(Note: This article is scheduled to appear in the next issue of AMAC’s Advantage magazine)

Propelled by a unanimous vote, the U.S. Senate recently approved the Strengthening Protections for Social Security Beneficiaries Act of 2018. Supported by AMAC, the bill is designed to “strengthen and improve the representative payee program to better protect those Social Security beneficiaries who are unable to manage their benefits on their own.”

What is the “Representative Payee Program?”

This Social Security Administration (SSA) program, first implemented in 1939 and last updated in 2004, is the mechanism that allows for Social Security and Supplemental Security Income (SSI) payments to be received and managed by designated third parties when a beneficiary is determined to be incapable of managing their own finances. Generally, family members or friends are appointed to serve as representative payees, although qualified organizations may at times assume this responsibility. About 5.5 million Social Security beneficiaries today have a representative payee assigned to help them.

The Representative Payee assumes fundamental responsibilities on behalf of the beneficiary, including ensuring their basic needs (clothing, housing, food, and medical care), managing finances, and interacting and communicating with SSA and the beneficiary in regard to Social Security-related matters. RPs are required by law and regulation to keep records and account for the use of benefits via an annual Representative Payee Report.

SSA’s responsibilities under the program begin with approval of the Representative Payee via a documented “capability determination” to verify the necessity of appointing a representative payee, and continue with regular monitoring of payees and their activities on behalf of the beneficiary.

Why H.R. 4547?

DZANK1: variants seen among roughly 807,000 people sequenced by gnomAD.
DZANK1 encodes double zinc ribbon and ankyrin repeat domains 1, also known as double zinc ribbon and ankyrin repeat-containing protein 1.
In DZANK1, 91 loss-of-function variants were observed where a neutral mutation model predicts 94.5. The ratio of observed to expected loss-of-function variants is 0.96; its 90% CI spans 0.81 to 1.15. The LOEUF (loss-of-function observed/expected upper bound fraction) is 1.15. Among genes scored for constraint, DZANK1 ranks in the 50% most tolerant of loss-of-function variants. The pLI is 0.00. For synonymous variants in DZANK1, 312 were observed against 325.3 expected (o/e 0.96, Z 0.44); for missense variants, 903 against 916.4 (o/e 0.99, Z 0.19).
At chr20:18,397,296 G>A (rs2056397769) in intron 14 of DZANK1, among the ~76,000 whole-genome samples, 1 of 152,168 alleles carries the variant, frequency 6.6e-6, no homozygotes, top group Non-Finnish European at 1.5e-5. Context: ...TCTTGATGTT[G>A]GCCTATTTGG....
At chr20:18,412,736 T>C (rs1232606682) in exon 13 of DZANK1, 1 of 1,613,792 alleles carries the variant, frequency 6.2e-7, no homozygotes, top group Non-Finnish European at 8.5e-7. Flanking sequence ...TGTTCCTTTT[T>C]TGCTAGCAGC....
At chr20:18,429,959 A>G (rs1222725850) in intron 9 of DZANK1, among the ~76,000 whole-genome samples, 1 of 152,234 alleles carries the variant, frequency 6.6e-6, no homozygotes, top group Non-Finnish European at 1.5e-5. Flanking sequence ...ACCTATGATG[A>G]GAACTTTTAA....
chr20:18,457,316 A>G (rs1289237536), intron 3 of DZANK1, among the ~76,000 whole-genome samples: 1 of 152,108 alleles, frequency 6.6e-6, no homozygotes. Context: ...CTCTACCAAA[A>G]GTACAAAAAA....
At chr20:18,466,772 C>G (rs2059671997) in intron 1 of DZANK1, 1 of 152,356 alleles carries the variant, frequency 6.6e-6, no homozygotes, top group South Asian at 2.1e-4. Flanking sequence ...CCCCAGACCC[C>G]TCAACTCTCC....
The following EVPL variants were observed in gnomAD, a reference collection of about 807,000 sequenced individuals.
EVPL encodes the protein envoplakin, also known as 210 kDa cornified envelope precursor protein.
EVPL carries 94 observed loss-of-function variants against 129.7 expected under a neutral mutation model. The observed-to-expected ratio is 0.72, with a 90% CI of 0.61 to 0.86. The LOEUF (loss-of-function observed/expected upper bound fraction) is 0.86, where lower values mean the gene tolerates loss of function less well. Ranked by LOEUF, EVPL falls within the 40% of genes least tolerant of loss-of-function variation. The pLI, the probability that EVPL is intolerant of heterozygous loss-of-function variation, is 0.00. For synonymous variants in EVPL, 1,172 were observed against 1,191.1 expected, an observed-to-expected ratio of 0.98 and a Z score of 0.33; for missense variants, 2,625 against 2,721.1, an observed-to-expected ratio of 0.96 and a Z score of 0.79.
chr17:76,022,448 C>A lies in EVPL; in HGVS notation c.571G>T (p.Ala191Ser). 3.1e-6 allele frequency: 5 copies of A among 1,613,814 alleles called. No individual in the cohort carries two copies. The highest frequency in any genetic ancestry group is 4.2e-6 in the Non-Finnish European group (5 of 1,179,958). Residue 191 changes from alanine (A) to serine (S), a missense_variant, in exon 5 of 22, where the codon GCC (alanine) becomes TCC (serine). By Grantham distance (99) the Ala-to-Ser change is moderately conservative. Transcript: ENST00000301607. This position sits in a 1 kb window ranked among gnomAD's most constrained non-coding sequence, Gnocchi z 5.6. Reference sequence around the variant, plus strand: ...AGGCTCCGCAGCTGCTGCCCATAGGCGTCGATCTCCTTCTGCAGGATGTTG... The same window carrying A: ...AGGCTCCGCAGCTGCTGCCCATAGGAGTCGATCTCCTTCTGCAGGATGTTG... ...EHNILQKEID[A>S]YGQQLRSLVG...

Citing “Horrific cases of abuses” involving the Representative Payee Program, the House Ways and Means Committee conducted hearings earlier this year to determine the problems and to outline improvements necessary in the SSA processes and procedures governing the Program. From weaknesses in the upfront capability determinations to deficiencies in the monitoring of payee activities, the hearings identified areas where improvements were in order.

The SSA’s Office of the Inspector General reported over 16,000 allegations of representative payee fraud in 2016, encompassing roughly $10 million in abuse, citing claims from SSA, other law enforcement agencies, private citizens, private and public organizations, victims, Congress, and other sources as the basis for action.


What Does H.R. 4547 Accomplish?

The bill calls for increases in the number of RP reviews, along with changes in the review process designed to improve the effectiveness of the reviews. For the beneficiaries themselves, the bill enables them to designate payees in advance of actually needing one and requires SSA involvement in the advance determination process. Portions of the bill also address improvements in coordination between SSA and child welfare agencies, strengthen the controls on acceptability of RPs, and reduces certain reporting requirements for families serving as RPs for resident parents.

Following Senate passage of the bill, House Ways and Means Committee Chairman Kevin Brady (R-TX) and Ranking Member Richard Neal (D-MA) summed the Bill’s passage with this statement: “This bipartisan bill will better protect the millions of Americans who depend on the help of representative payees. By strengthening oversight, improving payee selection, and reducing the burdens put on families, this bill will make much-needed changes to strengthen this program.”

AMAC President and Founder Dan Weber announced support for H.R. 4547 in a December, 2017 letter to Committee Chairman Johnson Sam Johnson (R-TX) and Ranking Member John Larson (D-CT), calling the bill a “commonsense, timely, and forward-thinking solution that will positively benefit millions of individuals currently retired and preparing to retire nationwide.”